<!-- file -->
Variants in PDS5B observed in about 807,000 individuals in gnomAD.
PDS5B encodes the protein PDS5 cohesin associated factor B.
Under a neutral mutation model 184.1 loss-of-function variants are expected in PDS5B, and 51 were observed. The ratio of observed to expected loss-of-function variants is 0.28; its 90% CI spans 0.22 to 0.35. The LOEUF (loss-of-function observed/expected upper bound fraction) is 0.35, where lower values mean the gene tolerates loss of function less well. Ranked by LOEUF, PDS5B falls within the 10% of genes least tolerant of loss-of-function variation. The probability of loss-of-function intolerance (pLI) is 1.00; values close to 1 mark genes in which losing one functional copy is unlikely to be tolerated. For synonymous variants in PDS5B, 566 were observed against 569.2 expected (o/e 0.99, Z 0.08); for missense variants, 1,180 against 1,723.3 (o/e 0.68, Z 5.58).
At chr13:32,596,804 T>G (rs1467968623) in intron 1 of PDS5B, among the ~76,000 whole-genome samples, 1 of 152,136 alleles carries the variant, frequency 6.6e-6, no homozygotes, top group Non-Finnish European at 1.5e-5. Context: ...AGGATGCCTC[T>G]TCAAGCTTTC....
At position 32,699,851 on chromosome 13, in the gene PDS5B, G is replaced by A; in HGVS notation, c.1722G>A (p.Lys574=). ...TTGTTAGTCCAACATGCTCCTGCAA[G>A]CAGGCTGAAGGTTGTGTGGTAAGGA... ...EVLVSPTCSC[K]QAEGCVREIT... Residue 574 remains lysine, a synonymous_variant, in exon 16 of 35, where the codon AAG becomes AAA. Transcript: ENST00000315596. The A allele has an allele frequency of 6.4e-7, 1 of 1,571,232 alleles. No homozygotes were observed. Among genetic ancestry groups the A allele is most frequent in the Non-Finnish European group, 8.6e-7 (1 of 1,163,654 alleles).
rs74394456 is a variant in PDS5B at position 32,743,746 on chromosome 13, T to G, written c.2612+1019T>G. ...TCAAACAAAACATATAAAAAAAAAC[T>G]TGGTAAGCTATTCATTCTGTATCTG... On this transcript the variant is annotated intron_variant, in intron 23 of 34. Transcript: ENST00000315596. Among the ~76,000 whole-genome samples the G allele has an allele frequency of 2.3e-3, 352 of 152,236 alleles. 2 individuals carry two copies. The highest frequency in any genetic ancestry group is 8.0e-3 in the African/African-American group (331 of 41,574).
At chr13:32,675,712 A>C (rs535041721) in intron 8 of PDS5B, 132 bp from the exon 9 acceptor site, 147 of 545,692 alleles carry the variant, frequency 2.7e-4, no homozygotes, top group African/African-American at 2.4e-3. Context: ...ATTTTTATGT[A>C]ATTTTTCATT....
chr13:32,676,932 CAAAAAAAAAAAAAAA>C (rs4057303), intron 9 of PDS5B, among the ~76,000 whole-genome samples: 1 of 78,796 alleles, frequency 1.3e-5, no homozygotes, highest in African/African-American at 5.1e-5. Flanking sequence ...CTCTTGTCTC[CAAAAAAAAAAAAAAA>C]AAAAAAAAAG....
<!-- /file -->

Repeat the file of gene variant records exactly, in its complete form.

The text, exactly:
Variants in PDS5B observed in about 807,000 individuals in gnomAD.
PDS5B encodes the protein PDS5 cohesin associated factor B.
Under a neutral mutation model 184.1 loss-of-function variants are expected in PDS5B, and 51 were observed. The ratio of observed to expected loss-of-function variants is 0.28; its 90% CI spans 0.22 to 0.35. The LOEUF (loss-of-function observed/expected upper bound fraction) is 0.35, where lower values mean the gene tolerates loss of function less well. Ranked by LOEUF, PDS5B falls within the 10% of genes least tolerant of loss-of-function variation. The probability of loss-of-function intolerance (pLI) is 1.00; values close to 1 mark genes in which losing one functional copy is unlikely to be tolerated. For synonymous variants in PDS5B, 566 were observed against 569.2 expected (o/e 0.99, Z 0.08); for missense variants, 1,180 against 1,723.3 (o/e 0.68, Z 5.58).
At chr13:32,596,804 T>G (rs1467968623) in intron 1 of PDS5B, among the ~76,000 whole-genome samples, 1 of 152,136 alleles carries the variant, frequency 6.6e-6, no homozygotes, top group Non-Finnish European at 1.5e-5. Context: ...AGGATGCCTC[T>G]TCAAGCTTTC....
At position 32,699,851 on chromosome 13, in the gene PDS5B, G is replaced by A; in HGVS notation, c.1722G>A (p.Lys574=). ...TTGTTAGTCCAACATGCTCCTGCAA[G>A]CAGGCTGAAGGTTGTGTGGTAAGGA... ...EVLVSPTCSC[K]QAEGCVREIT... Residue 574 remains lysine, a synonymous_variant, in exon 16 of 35, where the codon AAG becomes AAA. Transcript: ENST00000315596. The A allele has an allele frequency of 6.4e-7, 1 of 1,571,232 alleles. No homozygotes were observed. Among genetic ancestry groups the A allele is most frequent in the Non-Finnish European group, 8.6e-7 (1 of 1,163,654 alleles).
rs74394456 is a variant in PDS5B at position 32,743,746 on chromosome 13, T to G, written c.2612+1019T>G. ...TCAAACAAAACATATAAAAAAAAAC[T>G]TGGTAAGCTATTCATTCTGTATCTG... On this transcript the variant is annotated intron_variant, in intron 23 of 34. Transcript: ENST00000315596. Among the ~76,000 whole-genome samples the G allele has an allele frequency of 2.3e-3, 352 of 152,236 alleles. 2 individuals carry two copies. The highest frequency in any genetic ancestry group is 8.0e-3 in the African/African-American group (331 of 41,574).
At chr13:32,675,712 A>C (rs535041721) in intron 8 of PDS5B, 132 bp from the exon 9 acceptor site, 147 of 545,692 alleles carry the variant, frequency 2.7e-4, no homozygotes, top group African/African-American at 2.4e-3. Context: ...ATTTTTATGT[A>C]ATTTTTCATT....
chr13:32,676,932 CAAAAAAAAAAAAAAA>C (rs4057303), intron 9 of PDS5B, among the ~76,000 whole-genome samples: 1 of 78,796 alleles, frequency 1.3e-5, no homozygotes, highest in African/African-American at 5.1e-5. Flanking sequence ...CTCTTGTCTC[CAAAAAAAAAAAAAAA>C]AAAAAAAAAG....